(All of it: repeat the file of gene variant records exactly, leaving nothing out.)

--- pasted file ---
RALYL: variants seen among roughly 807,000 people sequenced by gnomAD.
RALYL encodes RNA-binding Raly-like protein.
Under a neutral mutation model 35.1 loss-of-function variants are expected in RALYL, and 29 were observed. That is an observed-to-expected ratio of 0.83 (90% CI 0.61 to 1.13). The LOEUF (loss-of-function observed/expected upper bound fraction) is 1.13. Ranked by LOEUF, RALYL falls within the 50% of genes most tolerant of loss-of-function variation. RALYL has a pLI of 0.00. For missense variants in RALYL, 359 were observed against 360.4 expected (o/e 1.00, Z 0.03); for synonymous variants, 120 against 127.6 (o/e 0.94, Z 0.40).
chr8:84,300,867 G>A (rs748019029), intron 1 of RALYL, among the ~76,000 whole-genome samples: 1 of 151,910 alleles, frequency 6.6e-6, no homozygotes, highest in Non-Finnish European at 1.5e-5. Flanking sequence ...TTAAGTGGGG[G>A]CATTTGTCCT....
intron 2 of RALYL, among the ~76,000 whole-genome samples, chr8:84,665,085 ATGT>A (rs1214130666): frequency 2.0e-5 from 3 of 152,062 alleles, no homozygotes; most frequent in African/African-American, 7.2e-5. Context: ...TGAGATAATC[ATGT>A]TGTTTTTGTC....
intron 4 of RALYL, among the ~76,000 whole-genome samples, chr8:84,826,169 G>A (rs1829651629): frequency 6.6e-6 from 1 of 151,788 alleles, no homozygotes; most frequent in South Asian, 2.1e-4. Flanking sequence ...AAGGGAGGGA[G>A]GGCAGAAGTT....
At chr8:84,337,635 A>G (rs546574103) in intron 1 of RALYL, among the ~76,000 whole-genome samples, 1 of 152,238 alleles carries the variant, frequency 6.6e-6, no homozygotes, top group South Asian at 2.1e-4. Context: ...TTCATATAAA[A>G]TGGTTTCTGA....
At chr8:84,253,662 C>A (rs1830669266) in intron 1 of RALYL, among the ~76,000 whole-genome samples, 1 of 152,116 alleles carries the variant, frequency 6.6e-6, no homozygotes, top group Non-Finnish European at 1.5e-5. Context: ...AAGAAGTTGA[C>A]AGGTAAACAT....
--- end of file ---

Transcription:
RALYL: variants seen among roughly 807,000 people sequenced by gnomAD.
RALYL encodes RNA-binding Raly-like protein.
Under a neutral mutation model 35.1 loss-of-function variants are expected in RALYL, and 29 were observed. That is an observed-to-expected ratio of 0.83 (90% CI 0.61 to 1.13). The LOEUF (loss-of-function observed/expected upper bound fraction) is 1.13. Ranked by LOEUF, RALYL falls within the 50% of genes most tolerant of loss-of-function variation. RALYL has a pLI of 0.00. For missense variants in RALYL, 359 were observed against 360.4 expected (o/e 1.00, Z 0.03); for synonymous variants, 120 against 127.6 (o/e 0.94, Z 0.40).
chr8:84,300,867 G>A (rs748019029), intron 1 of RALYL, among the ~76,000 whole-genome samples: 1 of 151,910 alleles, frequency 6.6e-6, no homozygotes, highest in Non-Finnish European at 1.5e-5. Flanking sequence ...TTAAGTGGGG[G>A]CATTTGTCCT....
intron 2 of RALYL, among the ~76,000 whole-genome samples, chr8:84,665,085 ATGT>A (rs1214130666): frequency 2.0e-5 from 3 of 152,062 alleles, no homozygotes; most frequent in African/African-American, 7.2e-5. Context: ...TGAGATAATC[ATGT>A]TGTTTTTGTC....
intron 4 of RALYL, among the ~76,000 whole-genome samples, chr8:84,826,169 G>A (rs1829651629): frequency 6.6e-6 from 1 of 151,788 alleles, no homozygotes; most frequent in South Asian, 2.1e-4. Flanking sequence ...AAGGGAGGGA[G>A]GGCAGAAGTT....
At chr8:84,337,635 A>G (rs546574103) in intron 1 of RALYL, among the ~76,000 whole-genome samples, 1 of 152,238 alleles carries the variant, frequency 6.6e-6, no homozygotes, top group South Asian at 2.1e-4. Context: ...TTCATATAAA[A>G]TGGTTTCTGA....
At chr8:84,253,662 C>A (rs1830669266) in intron 1 of RALYL, among the ~76,000 whole-genome samples, 1 of 152,116 alleles carries the variant, frequency 6.6e-6, no homozygotes, top group Non-Finnish European at 1.5e-5. Context: ...AAGAAGTTGA[C>A]AGGTAAACAT....